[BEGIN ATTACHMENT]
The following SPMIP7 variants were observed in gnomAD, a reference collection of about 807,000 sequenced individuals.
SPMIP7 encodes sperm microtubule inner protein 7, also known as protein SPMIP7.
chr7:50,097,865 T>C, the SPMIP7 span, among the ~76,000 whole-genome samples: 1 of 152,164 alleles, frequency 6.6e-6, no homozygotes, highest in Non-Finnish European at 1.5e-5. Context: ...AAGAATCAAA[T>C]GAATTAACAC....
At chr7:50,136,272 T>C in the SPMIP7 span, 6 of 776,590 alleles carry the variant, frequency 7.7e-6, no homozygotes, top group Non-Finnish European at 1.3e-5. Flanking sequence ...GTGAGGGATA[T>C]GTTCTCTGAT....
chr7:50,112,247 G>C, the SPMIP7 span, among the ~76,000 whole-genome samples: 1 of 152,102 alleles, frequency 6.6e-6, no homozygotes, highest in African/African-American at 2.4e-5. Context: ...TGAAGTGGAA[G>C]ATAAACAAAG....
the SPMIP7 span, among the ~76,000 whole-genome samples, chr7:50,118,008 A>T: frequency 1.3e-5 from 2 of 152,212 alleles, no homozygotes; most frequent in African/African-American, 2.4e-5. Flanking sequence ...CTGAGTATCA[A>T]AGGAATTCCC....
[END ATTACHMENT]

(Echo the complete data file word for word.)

The following SPMIP7 variants were observed in gnomAD, a reference collection of about 807,000 sequenced individuals.
SPMIP7 encodes sperm microtubule inner protein 7, also known as protein SPMIP7.
chr7:50,097,865 T>C, the SPMIP7 span, among the ~76,000 whole-genome samples: 1 of 152,164 alleles, frequency 6.6e-6, no homozygotes, highest in Non-Finnish European at 1.5e-5. Context: ...AAGAATCAAA[T>C]GAATTAACAC....
At chr7:50,136,272 T>C in the SPMIP7 span, 6 of 776,590 alleles carry the variant, frequency 7.7e-6, no homozygotes, top group Non-Finnish European at 1.3e-5. Flanking sequence ...GTGAGGGATA[T>C]GTTCTCTGAT....
chr7:50,112,247 G>C, the SPMIP7 span, among the ~76,000 whole-genome samples: 1 of 152,102 alleles, frequency 6.6e-6, no homozygotes, highest in African/African-American at 2.4e-5. Context: ...TGAAGTGGAA[G>C]ATAAACAAAG....
the SPMIP7 span, among the ~76,000 whole-genome samples, chr7:50,118,008 A>T: frequency 1.3e-5 from 2 of 152,212 alleles, no homozygotes; most frequent in African/African-American, 2.4e-5. Flanking sequence ...CTGAGTATCA[A>T]AGGAATTCCC....